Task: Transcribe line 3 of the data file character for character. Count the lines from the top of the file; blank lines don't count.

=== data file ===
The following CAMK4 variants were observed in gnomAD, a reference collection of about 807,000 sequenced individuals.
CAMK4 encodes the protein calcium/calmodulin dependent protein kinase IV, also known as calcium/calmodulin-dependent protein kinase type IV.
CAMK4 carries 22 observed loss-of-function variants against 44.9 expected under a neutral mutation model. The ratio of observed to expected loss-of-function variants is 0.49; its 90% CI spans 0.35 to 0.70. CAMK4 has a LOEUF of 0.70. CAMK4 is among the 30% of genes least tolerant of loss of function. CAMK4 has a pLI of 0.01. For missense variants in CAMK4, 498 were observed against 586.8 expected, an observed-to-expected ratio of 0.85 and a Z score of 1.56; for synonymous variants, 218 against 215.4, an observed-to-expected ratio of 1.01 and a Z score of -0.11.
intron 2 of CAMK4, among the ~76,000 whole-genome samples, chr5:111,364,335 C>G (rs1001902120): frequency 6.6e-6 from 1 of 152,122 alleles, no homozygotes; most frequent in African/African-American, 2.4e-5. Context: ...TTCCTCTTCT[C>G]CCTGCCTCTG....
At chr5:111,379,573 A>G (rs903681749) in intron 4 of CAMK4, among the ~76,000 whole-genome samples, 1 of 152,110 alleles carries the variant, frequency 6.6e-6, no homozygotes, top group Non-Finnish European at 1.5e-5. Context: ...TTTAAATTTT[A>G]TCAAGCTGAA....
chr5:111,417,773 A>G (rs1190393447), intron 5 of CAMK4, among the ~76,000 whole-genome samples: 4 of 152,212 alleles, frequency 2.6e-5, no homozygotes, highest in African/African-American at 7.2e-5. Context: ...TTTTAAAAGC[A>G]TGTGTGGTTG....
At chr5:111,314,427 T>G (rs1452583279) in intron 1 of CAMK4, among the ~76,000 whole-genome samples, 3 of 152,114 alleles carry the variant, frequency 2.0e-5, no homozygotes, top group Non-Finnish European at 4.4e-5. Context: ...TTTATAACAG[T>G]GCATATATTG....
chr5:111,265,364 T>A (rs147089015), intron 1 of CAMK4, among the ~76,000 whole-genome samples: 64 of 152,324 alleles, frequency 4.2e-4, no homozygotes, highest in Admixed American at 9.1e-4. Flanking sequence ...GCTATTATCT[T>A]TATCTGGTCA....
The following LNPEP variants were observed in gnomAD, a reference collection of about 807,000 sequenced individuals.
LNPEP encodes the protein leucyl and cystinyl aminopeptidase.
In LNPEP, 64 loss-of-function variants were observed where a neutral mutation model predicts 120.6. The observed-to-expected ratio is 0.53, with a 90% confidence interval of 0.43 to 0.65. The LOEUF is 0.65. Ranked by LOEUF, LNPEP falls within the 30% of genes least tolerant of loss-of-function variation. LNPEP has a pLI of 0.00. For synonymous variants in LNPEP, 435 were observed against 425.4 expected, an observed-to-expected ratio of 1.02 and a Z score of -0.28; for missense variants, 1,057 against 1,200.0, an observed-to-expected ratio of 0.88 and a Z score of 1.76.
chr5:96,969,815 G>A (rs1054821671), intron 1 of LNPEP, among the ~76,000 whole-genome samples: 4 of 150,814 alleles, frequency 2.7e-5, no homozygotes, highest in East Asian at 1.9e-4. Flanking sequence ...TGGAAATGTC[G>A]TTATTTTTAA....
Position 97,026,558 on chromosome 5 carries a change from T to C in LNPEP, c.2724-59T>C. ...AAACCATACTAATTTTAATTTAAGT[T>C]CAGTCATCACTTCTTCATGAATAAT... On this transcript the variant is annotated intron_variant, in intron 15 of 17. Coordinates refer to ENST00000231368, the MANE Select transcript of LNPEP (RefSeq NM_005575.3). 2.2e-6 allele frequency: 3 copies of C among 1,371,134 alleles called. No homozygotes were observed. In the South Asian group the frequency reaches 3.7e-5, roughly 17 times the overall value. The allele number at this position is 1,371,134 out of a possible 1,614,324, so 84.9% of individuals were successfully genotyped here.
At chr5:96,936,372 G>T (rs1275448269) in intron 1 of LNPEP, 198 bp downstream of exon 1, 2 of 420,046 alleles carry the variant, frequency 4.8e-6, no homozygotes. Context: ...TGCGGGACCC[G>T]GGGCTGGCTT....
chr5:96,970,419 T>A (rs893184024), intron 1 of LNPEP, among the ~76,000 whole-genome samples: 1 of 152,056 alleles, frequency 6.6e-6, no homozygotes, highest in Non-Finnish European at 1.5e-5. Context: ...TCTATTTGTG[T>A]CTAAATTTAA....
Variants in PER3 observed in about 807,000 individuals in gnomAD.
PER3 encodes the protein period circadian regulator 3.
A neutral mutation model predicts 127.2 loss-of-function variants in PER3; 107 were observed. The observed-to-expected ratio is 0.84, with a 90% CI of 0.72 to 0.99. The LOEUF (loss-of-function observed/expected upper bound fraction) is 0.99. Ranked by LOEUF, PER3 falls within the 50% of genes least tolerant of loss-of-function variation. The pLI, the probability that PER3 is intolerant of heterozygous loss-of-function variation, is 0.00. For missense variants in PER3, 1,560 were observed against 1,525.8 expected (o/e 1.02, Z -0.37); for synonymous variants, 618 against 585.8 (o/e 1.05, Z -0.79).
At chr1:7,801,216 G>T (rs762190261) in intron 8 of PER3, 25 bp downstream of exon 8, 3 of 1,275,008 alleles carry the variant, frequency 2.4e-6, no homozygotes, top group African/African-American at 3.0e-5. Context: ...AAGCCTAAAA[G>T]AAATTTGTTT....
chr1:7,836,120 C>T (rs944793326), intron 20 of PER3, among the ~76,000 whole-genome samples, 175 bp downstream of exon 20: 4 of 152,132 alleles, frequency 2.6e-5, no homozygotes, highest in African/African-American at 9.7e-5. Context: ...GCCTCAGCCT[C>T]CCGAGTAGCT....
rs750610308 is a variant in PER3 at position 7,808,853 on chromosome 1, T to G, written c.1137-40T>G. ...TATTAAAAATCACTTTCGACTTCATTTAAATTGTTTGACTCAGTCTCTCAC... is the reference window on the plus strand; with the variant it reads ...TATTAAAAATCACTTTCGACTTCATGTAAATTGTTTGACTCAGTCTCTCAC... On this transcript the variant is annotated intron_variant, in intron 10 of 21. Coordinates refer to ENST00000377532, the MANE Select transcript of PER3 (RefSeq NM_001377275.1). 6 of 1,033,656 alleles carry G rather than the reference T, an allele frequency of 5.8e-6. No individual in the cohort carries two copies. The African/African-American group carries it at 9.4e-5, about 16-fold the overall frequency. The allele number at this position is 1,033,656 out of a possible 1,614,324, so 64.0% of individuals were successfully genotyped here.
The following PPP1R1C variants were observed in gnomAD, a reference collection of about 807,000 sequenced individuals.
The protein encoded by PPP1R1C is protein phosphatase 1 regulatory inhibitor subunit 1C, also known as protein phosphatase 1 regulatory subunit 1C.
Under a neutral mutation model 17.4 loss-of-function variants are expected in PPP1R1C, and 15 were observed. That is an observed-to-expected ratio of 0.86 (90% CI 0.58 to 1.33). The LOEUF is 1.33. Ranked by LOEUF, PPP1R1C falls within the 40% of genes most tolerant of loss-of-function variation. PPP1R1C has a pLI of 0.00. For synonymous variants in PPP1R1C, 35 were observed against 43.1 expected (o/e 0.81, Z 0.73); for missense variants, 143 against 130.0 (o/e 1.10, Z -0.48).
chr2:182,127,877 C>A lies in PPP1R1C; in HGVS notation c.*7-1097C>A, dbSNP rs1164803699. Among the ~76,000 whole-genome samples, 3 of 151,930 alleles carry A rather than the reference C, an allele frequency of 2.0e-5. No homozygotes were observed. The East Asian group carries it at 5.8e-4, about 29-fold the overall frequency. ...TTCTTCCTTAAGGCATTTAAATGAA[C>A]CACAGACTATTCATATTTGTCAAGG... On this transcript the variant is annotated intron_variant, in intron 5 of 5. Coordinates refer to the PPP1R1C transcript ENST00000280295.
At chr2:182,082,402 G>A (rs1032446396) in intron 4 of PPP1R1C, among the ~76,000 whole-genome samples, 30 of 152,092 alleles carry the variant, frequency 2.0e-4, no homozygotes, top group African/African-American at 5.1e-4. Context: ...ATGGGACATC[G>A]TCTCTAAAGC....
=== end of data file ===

CAMK4 carries 22 observed loss-of-function variants against 44.9 expected under a neutral mutation model. The ratio of observed to expected loss-of-function variants is 0.49; its 90% CI spans 0.35 to 0.70. CAMK4 has a LOEUF of 0.70. CAMK4 is among the 30% of genes least tolerant of loss of function. CAMK4 has a pLI of 0.01. For missense variants in CAMK4, 498 were observed against 586.8 expected, an observed-to-expected ratio of 0.85 and a Z score of 1.56; for synonymous variants, 218 against 215.4, an observed-to-expected ratio of 1.01 and a Z score of -0.11.